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RSP, Bloc go for new look

Calcutta, March 2: Two of the CPM’s allies are fielding fresh faces in five of the six Lok Sabha seats they hold in Bengal, though the Big Brother could not replace most old-timers fearing feuds and sabotage.

On the Left Front list to be released tomorrow, the RSP will have three new candidates (for Alipurduar, Balurghat and Joynagar) and the For- ward Bloc two (in Barasat and Cooch Behar).

“All the changes were made according to the demands of the rank and file in the districts. They felt new faces would infuse new life into the contest,’’ an RSP leader said.

The CPM had also felt the need to negate a possible anti-incumbency factor, but it had more pressing concerns. An insider said the price for dropping someone like Lakshman Seth, whose land acquisition notice had triggered the Nandigram violence and the con- sequent slide in the CPM’s rural base, could be heavier than retaining him.

“According to party norms, Lok Sabha MPs should be dropped after four terms. However, we couldn’t go for too many changes this time in view of the adverse political situation. Many five or seven-term MPs have been retained to ensure continuity,” a CPM state secretariat member said.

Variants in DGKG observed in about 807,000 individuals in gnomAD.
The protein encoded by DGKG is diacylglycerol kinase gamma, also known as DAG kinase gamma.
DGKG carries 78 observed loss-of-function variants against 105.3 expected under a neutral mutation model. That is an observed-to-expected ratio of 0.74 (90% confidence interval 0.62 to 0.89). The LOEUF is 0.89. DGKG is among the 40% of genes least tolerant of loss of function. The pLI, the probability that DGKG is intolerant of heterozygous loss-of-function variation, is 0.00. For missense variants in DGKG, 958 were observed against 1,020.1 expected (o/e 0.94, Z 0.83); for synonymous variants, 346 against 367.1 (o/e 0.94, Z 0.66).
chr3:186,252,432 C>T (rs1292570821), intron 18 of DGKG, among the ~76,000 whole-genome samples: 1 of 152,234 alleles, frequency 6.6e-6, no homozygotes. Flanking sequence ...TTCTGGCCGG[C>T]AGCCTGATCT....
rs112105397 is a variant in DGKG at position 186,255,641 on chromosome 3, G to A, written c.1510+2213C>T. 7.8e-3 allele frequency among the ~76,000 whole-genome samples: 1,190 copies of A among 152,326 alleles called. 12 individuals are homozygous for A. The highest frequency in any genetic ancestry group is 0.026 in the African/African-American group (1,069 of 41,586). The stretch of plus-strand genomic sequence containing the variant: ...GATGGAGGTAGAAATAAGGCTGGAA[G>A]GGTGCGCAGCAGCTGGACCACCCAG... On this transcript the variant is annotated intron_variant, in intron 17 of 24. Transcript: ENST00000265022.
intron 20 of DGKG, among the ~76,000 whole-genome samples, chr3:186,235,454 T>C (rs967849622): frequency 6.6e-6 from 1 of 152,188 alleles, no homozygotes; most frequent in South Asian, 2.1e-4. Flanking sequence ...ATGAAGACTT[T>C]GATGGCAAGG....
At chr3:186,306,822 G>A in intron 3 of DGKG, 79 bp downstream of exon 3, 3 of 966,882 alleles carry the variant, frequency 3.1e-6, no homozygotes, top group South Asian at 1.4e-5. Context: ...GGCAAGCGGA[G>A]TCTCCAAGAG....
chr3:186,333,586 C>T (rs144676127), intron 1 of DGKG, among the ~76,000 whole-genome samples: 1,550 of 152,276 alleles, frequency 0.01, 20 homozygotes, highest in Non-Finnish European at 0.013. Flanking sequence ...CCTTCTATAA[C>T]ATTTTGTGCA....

The “heavyweights” are expected to fare better than “greenhorns” in what the party admits will be its toughest election in three decades.

“We need seasoned parliamentarians in the Lok Sabha since we apprehend that our numbers will go down this time,” the leader said.

The party has re-nominated 15 of its 26 MPs. Most of the other 10 have been dropped because of delimitation of their constituencies or changes to their reservation status.

The Bloc has re-nominated only its Purulia MP, who had won the bypoll in 2006. The CPI has gone the CPM way, retaining all its three MPs.

Phased poll welcome

The CPM, which took on the poll panel when it announced the five-phase Assembly elections in 2006, today welcomed the three-phase Lok Sabha polls in Bengal.

“It is a big state and some forces want to disrupt the polls. The EC has split the polls to foil their plan,” said party veteran Benoy Konar. The 2004 general election was a single-phase affair in Bengal.

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